Thursday, February 6, 2014

The Value in Physical Training: 5 Reasons Why I Exercise

January has come and gone. This means by now those who have made New Year’s resolutions to exercise, eat better, and lead a healthier lifestyle are seeing the strength of their resolve. According to one statistic, 38% of resolutions made are weight related, but only 8% are successful in keeping their newfound commitment.

Many in our culture make these resolutions because they worship the idol of physical appearance. While this is sinful and ultimately unsatisfying, Christians shouldn't swing to the other side of the pendulum, rejecting exercise altogether. Even the Apostle Paul, under the inspiration of the Holy Spirit, recognized that there is some usefulness in exercising.
“...train yourself for godliness; for while bodily training is of some value, godliness is of value in every way...” -1 Timothy 4:7-8
Below, I want to list and describe my reasons for exercising consistently and eating healthy. I hope you find these motivations of “some value”.

I exercise because it is spiritually beneficial.
We often forget there is a close connection between the physical and spiritual realms and that they affect one another. Peter makes this clear when exhorting his audience to refrain from engaging in sexually immoral behavior. “Beloved, I urge you as sojourners and exiles to abstain from the passions of the flesh, which wage war against your soul.” (1 Pet. 2:11). Notice how what one does with one’s body also affects one’s soul.

While this is true in regards to sinful practices it also applies to our physical health. Taking care of one’s body through proper diet, exercise, and rest is extremely beneficial not only for the body, but also for the soul.* In other words, I believe that exercising can help us in the process of sanctification.

I exercise for longevity in life and ministry.
Those who exercise typically live longer than those who do not. Additionally, their quality of life is much better and they have fewer illnesses. Moreover, studies have shown that cardiovascular exercise can create new brain cells, improve mental performance, and sharpen one's memory. It also prevents degeneration in the area of the brain responsible for learning. Needless to say, there are many physical and cognitive benefits to exercising regularly. 

As a pastor, my vocation is sedentary. Most of my time is spent sitting in a chair reading, writing, and studying. So ultimately, exercising can help me to be more productive and fruitful in my ministry. Exercise, proper diet and rest will give me the physical and mental energies needed to effectively fulfill all my duties as a pastor-teacher.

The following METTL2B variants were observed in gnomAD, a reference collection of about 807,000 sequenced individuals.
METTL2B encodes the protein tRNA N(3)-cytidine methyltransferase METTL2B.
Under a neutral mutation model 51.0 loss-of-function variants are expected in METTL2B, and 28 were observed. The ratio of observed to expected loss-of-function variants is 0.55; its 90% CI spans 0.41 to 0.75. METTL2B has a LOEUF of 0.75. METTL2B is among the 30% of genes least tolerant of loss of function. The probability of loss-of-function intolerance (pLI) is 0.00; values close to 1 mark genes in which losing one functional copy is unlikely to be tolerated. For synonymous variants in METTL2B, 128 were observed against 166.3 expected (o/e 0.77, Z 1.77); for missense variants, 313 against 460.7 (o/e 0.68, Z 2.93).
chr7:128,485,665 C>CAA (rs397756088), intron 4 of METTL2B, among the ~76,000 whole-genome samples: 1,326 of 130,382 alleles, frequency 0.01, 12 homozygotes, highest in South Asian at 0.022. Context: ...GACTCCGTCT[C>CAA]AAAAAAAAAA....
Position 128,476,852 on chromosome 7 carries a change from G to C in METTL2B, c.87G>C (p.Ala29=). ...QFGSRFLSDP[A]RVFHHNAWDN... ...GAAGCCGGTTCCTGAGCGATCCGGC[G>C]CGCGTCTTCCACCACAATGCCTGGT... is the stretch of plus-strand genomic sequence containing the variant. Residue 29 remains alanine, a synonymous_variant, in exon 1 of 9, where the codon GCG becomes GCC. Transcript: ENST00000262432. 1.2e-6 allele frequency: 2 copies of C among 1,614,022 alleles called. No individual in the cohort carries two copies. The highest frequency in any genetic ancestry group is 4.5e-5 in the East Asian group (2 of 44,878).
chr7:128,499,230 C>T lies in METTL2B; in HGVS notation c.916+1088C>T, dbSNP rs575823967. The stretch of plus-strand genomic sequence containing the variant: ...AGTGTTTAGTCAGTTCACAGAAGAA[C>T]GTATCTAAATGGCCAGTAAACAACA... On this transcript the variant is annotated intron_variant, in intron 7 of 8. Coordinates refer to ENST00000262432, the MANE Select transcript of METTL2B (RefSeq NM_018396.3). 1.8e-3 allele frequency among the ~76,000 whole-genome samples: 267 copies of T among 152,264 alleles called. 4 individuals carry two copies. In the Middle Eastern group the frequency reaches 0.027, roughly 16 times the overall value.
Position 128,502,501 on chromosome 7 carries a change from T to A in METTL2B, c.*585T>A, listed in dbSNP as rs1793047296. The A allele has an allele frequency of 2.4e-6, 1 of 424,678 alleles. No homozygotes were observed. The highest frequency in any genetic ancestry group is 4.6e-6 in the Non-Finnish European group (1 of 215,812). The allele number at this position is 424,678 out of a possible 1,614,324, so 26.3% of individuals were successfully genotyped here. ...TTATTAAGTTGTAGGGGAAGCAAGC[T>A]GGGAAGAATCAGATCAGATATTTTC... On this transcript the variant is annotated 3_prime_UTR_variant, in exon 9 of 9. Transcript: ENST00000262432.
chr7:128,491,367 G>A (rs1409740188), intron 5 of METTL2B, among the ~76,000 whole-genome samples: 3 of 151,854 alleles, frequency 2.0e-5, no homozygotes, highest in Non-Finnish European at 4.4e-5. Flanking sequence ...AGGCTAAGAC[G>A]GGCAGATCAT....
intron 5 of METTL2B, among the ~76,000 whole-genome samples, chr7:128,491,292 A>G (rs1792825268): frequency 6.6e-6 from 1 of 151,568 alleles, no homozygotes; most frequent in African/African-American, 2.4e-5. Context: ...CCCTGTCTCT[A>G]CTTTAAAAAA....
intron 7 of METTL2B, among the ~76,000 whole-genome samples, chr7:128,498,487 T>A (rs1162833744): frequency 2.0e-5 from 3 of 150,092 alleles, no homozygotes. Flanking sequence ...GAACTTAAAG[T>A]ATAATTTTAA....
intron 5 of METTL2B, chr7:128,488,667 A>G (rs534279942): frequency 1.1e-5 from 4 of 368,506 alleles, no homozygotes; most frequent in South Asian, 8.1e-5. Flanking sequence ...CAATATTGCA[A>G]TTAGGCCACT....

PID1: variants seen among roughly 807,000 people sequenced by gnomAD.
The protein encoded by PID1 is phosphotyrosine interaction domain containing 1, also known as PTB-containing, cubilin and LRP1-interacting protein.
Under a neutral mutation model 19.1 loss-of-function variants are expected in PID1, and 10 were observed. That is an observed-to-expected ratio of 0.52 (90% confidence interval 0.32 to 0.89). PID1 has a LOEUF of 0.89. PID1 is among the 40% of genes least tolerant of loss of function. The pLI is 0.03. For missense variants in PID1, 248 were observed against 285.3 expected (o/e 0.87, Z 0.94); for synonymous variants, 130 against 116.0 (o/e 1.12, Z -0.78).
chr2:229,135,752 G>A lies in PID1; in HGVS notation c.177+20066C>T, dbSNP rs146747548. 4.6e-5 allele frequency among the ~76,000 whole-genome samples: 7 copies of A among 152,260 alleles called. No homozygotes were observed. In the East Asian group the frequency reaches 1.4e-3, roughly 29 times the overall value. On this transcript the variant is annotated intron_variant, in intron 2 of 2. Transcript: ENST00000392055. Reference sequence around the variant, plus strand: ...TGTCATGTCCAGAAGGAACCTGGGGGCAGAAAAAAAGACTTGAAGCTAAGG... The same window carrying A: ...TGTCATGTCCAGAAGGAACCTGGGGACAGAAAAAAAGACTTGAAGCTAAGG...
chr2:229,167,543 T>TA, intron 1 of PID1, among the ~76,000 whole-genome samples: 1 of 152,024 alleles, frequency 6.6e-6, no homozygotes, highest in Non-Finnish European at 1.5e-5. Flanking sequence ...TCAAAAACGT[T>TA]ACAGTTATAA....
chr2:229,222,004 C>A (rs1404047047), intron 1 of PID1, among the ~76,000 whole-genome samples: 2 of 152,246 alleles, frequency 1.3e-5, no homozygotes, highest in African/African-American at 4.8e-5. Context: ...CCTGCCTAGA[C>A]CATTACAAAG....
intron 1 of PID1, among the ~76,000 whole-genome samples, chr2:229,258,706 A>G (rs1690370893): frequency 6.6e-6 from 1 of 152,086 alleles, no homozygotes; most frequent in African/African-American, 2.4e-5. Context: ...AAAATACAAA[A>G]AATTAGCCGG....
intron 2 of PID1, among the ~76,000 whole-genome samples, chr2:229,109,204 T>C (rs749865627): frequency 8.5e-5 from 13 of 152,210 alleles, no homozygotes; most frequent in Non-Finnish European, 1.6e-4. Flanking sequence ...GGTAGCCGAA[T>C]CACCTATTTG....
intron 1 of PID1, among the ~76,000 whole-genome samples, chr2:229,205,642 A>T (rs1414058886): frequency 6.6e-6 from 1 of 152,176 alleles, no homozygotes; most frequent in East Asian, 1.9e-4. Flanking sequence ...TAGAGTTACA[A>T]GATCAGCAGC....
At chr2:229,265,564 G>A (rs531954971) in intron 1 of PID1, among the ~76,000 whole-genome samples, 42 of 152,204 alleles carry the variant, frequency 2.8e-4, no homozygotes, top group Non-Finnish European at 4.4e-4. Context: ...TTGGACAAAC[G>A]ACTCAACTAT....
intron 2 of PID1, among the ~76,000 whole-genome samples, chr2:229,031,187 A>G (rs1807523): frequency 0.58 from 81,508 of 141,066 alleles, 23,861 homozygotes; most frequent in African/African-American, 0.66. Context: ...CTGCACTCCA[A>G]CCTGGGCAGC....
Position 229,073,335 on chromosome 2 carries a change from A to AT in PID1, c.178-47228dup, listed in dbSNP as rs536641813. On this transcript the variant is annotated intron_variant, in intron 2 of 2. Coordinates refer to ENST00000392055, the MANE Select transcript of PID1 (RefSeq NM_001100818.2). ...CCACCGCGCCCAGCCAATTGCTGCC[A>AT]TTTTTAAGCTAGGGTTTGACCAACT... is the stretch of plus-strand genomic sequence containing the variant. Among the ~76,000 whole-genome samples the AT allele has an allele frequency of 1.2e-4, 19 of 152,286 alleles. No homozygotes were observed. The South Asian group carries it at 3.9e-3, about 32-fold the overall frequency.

In addition to ministry, exercising is beneficial for my family life. I have two energetic children (and one on the way!) that demand high amounts of my energy. In order to keep up with them I need to stay active. Plus, I want to be alive to see them graduate, get married, and have grandchildren, whom I can play with. This won't happen if I neglect to exercise. 

I exercise to fight off laziness.
When I pound the pavement early in the morning or hit the gym at the end of a long day I am practicing self-discipline. Self-discipline helps me to mortify the sin of laziness. It trains me to not simply go with the ebb of life, but to do what needs to be done, even if the task is less than pleasant. This is how John Calvin stated it, “Let us treat the body so as to make a slave of it, that it may not, by its wantonness, keep us back from the duties of piety.”

(I am not implying that overweight people are lazy or that skinny people are well disicplined. I am just pointing out that one way I fight against laziness is through physical exercise.)

I exercise because I feel better physically.
There are seasons in my life when I am unable (or unwilling) to exercise. During those rhythms of life I feel more lethargic and annoyed. But when I exercise consistently I feel better overall. My energy levels are up, my irritability is decreased, I sleep better, and I am less prone to getting sick. I may not always enjoy the act of exercising, but I love the results it produces.

I exercise to avoid the stereotype. 
Let’s be honest, the overweight Baptist preacher is a pretty accurate stereotype. And so one reason I am motivated to exercise is to avoid being pigeonholed as such.

What about you? What are you reasons for exercising and eating healthy?

[*] John Piper does an excellent job of explaining how exercise helps one spiritually in his blog post "Physical Exercise: What I Do and Why".

1 comment:

  1. Nathan,

    Hi, I tried emailing you at both your church's email and your personal email. I keep getting mailer-daemons though. Is there some other way I can contact you? If you'd like, you can email me at or Thank you so much.